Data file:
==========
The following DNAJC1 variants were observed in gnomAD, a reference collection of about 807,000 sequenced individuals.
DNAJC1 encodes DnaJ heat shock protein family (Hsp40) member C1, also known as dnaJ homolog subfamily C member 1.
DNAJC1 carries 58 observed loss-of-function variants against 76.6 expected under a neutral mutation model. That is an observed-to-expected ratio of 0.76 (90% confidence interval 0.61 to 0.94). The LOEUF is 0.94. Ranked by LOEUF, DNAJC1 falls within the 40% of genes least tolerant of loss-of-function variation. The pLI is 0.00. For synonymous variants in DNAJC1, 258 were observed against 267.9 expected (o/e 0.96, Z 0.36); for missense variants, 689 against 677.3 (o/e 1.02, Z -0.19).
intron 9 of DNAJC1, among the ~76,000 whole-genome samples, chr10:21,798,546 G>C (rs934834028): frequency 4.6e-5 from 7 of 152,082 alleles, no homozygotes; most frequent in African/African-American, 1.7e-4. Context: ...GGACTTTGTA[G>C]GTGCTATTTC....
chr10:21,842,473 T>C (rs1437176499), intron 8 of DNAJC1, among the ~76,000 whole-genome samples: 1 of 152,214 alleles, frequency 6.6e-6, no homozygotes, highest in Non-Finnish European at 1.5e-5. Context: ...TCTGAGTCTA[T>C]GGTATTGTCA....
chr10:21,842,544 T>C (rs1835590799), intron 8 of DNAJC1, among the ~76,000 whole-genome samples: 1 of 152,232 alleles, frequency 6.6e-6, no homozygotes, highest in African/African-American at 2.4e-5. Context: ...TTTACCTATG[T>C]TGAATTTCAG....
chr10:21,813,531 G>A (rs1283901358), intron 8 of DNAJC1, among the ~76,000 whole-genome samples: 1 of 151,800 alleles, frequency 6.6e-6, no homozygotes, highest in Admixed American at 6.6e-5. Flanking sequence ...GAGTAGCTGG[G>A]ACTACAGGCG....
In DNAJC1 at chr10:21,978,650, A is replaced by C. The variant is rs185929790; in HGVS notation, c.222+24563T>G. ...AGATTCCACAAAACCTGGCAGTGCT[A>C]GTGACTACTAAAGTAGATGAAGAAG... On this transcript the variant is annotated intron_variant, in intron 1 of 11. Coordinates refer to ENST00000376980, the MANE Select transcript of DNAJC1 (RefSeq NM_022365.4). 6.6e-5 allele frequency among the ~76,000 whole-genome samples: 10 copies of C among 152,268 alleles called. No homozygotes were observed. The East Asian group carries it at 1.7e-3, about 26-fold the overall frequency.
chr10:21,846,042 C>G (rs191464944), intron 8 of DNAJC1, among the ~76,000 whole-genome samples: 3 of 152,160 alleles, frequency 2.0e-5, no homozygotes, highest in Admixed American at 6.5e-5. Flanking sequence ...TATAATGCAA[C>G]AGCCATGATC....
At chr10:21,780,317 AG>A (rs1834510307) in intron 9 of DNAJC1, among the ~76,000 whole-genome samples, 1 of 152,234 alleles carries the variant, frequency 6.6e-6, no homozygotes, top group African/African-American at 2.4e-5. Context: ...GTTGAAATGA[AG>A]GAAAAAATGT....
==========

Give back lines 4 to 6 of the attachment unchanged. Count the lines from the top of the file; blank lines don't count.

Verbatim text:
intron 9 of DNAJC1, among the ~76,000 whole-genome samples, chr10:21,798,546 G>C (rs934834028): frequency 4.6e-5 from 7 of 152,082 alleles, no homozygotes; most frequent in African/African-American, 1.7e-4. Context: ...GGACTTTGTA[G>C]GTGCTATTTC....
chr10:21,842,473 T>C (rs1437176499), intron 8 of DNAJC1, among the ~76,000 whole-genome samples: 1 of 152,214 alleles, frequency 6.6e-6, no homozygotes, highest in Non-Finnish European at 1.5e-5. Context: ...TCTGAGTCTA[T>C]GGTATTGTCA....
chr10:21,842,544 T>C (rs1835590799), intron 8 of DNAJC1, among the ~76,000 whole-genome samples: 1 of 152,232 alleles, frequency 6.6e-6, no homozygotes, highest in African/African-American at 2.4e-5. Context: ...TTTACCTATG[T>C]TGAATTTCAG....